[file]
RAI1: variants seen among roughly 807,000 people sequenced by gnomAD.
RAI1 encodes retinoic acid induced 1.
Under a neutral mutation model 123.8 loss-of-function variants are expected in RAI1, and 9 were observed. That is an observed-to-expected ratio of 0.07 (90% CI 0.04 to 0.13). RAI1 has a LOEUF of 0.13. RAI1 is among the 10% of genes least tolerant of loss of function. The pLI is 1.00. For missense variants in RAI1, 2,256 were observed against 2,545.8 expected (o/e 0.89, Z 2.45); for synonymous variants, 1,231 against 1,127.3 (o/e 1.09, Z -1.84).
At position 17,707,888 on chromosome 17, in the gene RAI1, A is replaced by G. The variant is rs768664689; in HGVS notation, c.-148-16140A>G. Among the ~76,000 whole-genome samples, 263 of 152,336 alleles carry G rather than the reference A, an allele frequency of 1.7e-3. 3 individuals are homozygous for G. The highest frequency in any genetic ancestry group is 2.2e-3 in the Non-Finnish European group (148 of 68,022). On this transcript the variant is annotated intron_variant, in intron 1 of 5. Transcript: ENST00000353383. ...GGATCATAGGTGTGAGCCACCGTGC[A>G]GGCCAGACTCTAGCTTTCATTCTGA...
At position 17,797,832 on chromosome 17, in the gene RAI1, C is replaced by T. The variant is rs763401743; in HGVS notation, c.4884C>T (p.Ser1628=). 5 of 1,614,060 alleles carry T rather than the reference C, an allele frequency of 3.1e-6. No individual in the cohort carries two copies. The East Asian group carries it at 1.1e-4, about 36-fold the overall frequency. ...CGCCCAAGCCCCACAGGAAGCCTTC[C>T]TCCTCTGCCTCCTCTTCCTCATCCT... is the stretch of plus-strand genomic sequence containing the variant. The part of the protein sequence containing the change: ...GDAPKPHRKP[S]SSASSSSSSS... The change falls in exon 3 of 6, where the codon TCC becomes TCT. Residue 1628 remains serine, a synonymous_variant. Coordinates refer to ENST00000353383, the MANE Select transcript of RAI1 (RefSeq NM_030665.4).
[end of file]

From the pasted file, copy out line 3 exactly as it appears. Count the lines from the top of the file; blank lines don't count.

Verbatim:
Under a neutral mutation model 123.8 loss-of-function variants are expected in RAI1, and 9 were observed. That is an observed-to-expected ratio of 0.07 (90% CI 0.04 to 0.13). RAI1 has a LOEUF of 0.13. RAI1 is among the 10% of genes least tolerant of loss of function. The pLI is 1.00. For missense variants in RAI1, 2,256 were observed against 2,545.8 expected (o/e 0.89, Z 2.45); for synonymous variants, 1,231 against 1,127.3 (o/e 1.09, Z -1.84).